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Zircon

Zircon, Stonefield Beach, OR, Pacific Ocean

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Definition/Function:

Zircon is Zirconium Silicate (ZrSiO4). It is a very durable mineral and some grains have been dated back to at least 4.4 billion years based on the decay of uranium included in the crystals matrix. The Oxygen isotope ratio is used to assess the nature of the environment at the time of the formation of the crystals.

Significance in the Environment:

Characteristic Features:

Zircon belongs to the tetragonal crystal system and is optically positive. Its refractive indices are 1.922-1.960 and 1.961-2.015. Its birefringence ranges from 0.042 to 0.065. The density of Zircon is about 4.6 grams/cc. Small grains tend to be colorless. Zircons are often found in soils and sands as well formed crystals or as rounded ellipses.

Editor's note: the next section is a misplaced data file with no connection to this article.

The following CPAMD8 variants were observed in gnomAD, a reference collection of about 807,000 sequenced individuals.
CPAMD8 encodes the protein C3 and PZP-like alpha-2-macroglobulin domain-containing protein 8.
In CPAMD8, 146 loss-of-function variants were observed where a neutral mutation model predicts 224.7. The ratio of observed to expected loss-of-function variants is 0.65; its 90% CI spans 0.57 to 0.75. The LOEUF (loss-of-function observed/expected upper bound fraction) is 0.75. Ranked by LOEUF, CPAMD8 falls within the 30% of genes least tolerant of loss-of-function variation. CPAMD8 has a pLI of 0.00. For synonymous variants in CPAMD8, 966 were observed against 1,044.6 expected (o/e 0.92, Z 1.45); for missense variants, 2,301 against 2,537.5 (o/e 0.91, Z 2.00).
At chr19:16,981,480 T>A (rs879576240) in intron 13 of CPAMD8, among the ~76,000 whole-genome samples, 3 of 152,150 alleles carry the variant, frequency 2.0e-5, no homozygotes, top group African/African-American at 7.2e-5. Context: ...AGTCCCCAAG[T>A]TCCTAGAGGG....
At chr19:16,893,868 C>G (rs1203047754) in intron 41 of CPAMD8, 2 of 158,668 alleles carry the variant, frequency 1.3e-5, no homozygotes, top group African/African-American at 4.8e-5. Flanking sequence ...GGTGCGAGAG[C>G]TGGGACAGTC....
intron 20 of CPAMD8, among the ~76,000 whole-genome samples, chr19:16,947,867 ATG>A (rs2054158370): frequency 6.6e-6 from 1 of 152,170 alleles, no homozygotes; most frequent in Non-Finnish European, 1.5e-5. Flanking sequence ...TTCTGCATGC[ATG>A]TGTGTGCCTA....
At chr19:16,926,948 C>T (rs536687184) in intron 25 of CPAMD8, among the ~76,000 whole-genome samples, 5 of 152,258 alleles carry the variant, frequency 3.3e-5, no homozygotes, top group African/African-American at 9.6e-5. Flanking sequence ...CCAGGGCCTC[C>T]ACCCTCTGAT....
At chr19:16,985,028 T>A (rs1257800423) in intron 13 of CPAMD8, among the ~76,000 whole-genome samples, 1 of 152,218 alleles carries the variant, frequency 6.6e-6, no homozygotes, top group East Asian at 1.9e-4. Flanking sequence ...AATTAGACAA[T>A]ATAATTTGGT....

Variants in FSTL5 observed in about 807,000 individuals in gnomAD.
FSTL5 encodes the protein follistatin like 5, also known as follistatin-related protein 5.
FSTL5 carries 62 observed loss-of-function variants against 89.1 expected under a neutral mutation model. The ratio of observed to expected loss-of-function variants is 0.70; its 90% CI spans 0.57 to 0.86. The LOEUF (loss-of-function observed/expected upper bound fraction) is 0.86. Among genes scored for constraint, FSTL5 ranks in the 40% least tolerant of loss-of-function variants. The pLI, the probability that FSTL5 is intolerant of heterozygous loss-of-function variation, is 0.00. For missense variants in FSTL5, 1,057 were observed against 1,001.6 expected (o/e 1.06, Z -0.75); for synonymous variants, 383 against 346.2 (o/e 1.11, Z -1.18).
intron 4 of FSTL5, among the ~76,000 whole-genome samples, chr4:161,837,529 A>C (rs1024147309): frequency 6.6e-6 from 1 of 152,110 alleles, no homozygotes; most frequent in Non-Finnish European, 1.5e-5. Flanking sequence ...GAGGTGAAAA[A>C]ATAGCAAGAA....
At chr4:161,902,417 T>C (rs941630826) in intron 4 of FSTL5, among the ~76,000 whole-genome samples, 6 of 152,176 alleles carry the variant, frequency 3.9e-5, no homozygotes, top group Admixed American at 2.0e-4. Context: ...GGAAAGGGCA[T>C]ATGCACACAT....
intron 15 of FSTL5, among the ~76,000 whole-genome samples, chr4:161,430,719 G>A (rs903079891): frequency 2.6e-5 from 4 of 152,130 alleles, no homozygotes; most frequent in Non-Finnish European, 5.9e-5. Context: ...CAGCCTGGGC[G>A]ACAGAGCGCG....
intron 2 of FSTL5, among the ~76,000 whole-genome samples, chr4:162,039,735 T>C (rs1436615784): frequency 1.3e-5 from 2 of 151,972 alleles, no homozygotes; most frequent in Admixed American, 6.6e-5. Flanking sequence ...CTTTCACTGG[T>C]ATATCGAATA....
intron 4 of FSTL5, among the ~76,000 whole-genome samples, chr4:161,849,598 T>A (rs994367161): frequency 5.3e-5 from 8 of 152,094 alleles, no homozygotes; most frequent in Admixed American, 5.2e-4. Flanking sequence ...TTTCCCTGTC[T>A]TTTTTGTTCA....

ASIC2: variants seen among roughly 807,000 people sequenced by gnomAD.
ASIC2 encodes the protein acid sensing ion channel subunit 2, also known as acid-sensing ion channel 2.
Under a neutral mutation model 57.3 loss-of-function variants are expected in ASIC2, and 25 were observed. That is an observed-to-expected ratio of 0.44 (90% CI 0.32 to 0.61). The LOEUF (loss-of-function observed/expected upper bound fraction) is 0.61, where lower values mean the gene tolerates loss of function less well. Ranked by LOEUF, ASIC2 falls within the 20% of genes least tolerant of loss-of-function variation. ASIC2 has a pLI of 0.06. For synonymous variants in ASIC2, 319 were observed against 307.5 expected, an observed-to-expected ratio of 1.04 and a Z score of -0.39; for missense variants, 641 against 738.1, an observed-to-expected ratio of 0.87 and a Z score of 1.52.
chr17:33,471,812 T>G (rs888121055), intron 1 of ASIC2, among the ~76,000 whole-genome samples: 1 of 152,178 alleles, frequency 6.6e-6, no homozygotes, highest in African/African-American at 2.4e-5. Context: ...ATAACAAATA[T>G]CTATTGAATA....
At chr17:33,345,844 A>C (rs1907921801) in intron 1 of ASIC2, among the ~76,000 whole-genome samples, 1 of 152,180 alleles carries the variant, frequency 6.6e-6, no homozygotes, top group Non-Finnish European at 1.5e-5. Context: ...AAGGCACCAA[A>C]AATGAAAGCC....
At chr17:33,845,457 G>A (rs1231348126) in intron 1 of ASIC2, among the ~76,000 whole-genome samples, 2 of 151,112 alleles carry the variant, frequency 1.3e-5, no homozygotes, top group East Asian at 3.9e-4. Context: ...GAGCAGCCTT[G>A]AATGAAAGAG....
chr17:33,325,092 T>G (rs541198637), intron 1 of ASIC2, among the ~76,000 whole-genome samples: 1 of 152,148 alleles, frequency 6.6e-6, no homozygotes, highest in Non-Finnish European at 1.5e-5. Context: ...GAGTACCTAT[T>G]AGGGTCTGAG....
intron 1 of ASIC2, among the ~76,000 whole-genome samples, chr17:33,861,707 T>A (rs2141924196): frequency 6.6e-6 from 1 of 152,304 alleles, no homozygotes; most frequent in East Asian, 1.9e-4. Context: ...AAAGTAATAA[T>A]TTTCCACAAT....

Associated Particles:

Zircons are common in igneous rocks and in sedimentary deposits. It is one of the minerals used to characterize soils, sediments, and conditions at the time of formation and age of igneous rocks.

References:

Deer, W. A., R. A. Howie, and J. Zussman, AN INTRODCUTION TO THE ROCK-FORMING MINERALS, ISBN 0-582-30094-0, pp. 22-6, 1992.

Wilde, Simon A., John W. Valley, William H. Peck, and Colin M. Graham, "Evidence from detrital zircons for the existence of continental crust and ocieans on the Earth 4.4 Gyr ago", NATURE, vol. 409, pp. 175-178, 11 Jan. 2001.

Hanchar, J. M. and C. F. Miller, "Zircon sonation patterns as revealed by chattodoluminescence and backscattered electron images: implications for interpretation of complex crustal histories", CHEMICAL GEOLOGY (ISSN OOO9-2541),PP. 1-13, 1993.

Bowen, Andrew, "Individualizing minerals: a proposed approach for forensic soil comparison", MICROSCOPE, vol. 55, no. 2, pp. 59-73, 2007.

Hanchar, J.M. and P.O.W. Hoskin, (ed.), ZIRCON, Reviews in Mineralogy & Geochmistry, vol. 53, 2003.